Brecking and Entering (15)
ANDREW CLARKE Britain's leading contemporary director, Anthony Minghella, returns from his David Lean-like period epics to a small-scale contemporary drama set in present-day London.
Britain's leading contemporary director, Anthony Minghella, returns from his David Lean-like period epics to a small-scale contemporary drama set in present-day London - Kings Cross to be exact.
It's a look at modern-day relationships, bringing up children and the age-old problem of the work/life balance. Jude Law plays Will Francis an up-and-coming young architect, who, with business partner Sandy, played by Martin Freeman from The Office, are looking to transform the semi-derelict Kings Cross into an urban paradise.
They move into new offices, a converted warehouse, as a show of faith and immediately are struck by a series of expensive and debilitating computer robberies.
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The cleaning staff are the first to come under suspicion, but it quickly becomes clear that the robberies are the work of a gang of East Europeans who use a couple of gymnastic lads to leap across the rooftops to gain entry to the building through a skylight.
Laid low by this series of thefts, Will's personal life is not made any easier by his long-term Swedish girlfriend (Robin Wright Penn) becoming increasingly distant because her daughter, his step-daughter, appears to becoming increasingly autistic and suffers from chronic insomnia which is gradually driving a barrier between them.
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Tired of the repeated break-ins Will and Sandy start staking out their own offices and eventually Will spots a nimble young burglar (Gavron) scaling along the upper stories of his building. He shouts out and gives chase, eventually tracking the 15 year old thief to his home where his mother Amira (Binoche), a Bosnian refugee, barely makes ends meet working as a tailor.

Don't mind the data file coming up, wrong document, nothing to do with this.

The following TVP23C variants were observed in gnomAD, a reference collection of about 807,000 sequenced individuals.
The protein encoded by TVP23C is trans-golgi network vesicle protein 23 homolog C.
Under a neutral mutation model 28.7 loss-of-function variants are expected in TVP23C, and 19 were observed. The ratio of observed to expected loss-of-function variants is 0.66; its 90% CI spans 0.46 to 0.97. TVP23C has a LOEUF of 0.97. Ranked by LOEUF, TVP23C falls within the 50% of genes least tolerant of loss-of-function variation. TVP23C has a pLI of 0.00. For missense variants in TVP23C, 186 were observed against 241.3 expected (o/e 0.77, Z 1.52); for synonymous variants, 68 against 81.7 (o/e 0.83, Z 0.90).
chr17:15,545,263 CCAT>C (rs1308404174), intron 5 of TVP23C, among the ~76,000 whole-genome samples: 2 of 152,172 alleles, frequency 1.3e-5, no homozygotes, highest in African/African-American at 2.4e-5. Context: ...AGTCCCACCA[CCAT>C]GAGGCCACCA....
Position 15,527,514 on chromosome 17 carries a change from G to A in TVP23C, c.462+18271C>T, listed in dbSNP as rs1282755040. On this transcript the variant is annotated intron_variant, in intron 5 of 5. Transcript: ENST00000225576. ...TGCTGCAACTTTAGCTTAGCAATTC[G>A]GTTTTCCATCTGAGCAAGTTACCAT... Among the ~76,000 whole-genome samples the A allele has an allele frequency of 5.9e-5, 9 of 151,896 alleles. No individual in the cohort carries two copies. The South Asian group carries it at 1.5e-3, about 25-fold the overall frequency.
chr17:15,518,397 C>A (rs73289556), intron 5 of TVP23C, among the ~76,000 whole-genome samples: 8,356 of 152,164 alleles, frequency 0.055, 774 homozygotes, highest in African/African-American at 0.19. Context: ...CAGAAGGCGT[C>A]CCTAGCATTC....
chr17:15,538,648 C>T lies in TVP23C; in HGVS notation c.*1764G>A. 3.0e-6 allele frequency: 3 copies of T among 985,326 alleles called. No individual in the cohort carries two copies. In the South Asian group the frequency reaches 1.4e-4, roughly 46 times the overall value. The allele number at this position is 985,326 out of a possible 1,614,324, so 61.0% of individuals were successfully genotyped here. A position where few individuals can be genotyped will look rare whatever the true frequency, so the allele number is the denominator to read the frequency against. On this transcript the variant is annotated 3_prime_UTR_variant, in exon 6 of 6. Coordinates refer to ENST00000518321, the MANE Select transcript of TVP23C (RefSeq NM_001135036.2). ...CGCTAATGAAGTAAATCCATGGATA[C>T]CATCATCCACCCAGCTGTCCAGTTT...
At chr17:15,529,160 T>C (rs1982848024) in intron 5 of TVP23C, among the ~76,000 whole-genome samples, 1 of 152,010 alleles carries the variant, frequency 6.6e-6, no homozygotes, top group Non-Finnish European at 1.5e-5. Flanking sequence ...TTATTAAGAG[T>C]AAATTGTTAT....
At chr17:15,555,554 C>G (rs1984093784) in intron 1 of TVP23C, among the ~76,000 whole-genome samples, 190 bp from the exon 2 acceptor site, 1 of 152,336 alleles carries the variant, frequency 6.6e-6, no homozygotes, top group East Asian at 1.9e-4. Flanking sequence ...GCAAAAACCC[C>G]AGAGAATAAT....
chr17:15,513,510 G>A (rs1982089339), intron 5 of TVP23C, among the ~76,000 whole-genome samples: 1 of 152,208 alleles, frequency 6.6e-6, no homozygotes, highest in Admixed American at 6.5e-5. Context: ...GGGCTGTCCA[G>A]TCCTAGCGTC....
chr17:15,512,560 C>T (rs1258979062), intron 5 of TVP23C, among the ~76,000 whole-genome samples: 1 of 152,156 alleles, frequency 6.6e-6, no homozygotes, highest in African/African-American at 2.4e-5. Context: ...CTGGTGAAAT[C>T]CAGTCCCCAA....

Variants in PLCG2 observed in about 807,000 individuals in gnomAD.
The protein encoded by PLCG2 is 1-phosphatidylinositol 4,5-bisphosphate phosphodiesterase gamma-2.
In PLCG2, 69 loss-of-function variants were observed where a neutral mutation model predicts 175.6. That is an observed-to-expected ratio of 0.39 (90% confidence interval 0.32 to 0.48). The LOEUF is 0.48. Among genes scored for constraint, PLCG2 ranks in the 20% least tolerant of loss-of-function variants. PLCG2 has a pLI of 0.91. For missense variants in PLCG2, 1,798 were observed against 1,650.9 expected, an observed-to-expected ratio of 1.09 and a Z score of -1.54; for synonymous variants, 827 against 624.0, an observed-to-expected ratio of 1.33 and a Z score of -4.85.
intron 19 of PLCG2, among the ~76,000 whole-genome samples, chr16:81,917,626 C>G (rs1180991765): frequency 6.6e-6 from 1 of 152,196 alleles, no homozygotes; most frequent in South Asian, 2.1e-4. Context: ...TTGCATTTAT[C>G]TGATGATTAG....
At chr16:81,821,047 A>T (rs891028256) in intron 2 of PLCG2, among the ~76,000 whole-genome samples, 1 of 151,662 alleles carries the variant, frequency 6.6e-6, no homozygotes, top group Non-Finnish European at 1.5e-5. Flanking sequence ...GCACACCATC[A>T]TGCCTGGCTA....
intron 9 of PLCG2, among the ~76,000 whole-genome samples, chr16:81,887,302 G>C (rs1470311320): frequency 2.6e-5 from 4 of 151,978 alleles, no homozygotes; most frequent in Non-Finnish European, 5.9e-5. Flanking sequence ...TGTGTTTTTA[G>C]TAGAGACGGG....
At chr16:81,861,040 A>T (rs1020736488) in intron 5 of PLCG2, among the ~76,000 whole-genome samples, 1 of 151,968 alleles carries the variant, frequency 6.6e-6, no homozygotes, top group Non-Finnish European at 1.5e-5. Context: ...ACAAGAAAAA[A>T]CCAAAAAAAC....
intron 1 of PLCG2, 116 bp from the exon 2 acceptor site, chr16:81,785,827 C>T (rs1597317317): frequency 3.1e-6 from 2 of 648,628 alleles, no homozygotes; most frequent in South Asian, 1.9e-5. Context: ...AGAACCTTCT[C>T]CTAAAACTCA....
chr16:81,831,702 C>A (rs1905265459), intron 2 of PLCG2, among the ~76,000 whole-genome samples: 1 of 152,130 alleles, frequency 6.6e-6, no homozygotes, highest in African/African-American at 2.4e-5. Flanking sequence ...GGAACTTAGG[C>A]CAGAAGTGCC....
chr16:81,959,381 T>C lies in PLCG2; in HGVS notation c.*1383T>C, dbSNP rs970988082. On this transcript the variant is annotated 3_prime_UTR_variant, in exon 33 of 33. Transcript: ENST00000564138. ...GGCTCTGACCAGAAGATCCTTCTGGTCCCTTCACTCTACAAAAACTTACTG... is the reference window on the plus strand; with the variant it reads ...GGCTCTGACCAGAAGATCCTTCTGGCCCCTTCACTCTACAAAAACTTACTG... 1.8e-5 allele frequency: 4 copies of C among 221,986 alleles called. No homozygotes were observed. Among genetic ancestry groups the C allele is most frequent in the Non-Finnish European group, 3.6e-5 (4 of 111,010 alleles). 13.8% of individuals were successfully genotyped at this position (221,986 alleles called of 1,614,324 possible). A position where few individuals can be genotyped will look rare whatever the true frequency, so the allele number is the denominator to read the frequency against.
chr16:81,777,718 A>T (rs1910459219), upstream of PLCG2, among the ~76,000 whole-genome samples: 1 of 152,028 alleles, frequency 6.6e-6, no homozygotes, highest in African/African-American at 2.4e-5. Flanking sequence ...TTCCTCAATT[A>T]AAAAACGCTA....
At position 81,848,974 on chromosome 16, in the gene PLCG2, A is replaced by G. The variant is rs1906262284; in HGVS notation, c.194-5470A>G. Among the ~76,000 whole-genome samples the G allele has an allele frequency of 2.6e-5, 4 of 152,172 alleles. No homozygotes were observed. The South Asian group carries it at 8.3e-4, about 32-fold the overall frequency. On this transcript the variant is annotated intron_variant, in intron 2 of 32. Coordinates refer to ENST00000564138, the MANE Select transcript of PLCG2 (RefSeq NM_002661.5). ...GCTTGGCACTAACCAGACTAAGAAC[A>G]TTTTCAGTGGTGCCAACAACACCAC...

Feeling emotionally locked out of his home life, something about Amira's fragile beauty and goodness, sparks something inside him and he engineers a way for a relationship to develop while keeping from her the fact that her son is a sneak thief.
It's a story which has plenty of twists and turns to keep your interest, but it is the characters that really capture your imagination. You become part of their lives - you want to know more about them, you want to know about their past and although elements of the plot have an air of soap opera about them, Minghella obviously realises this and sensibly pulls back from the edge of melodrama, keeping the plot in the real world.
This is the best film that Jude Law has been in since Closer - another film about marital infidelity. His is a complex character - he is a driven man, completely in love with his work, and yet there is still time in his busy schedule for his girlfriend and his obviously distressed step-daughter - if only he was allowed anywhere near them.
Martin Freeman is showing himself to be a very fine actor while Juliette Binoche is just luminous in what could have been a very low-key, fairly underwritten part.
Robin Wright Penn shines in the most unforgiving part in the film, the, at times, shrewish girlfriend who is desperately trying to comfort and support her disturbed daughter, hoping that she doesn't push a wedge between her and Will and yet in the end she is the one who does just that.
Ray Winstone wrings a few changes to his hard man character by playing the sympathetic detective investigating the computer thefts and the young Rifi Gavron gives a touching performance as Binoche's impressionable but not blameless son who carries out the robberies for an East European gang.
The great thing about Breaking and Entering is that it is not a black and white story of right or wrong, good and evil, rich versus poor. It is a sober look at all these issues and more set against a contemporary London which is constantly in a state of flux. Excellent.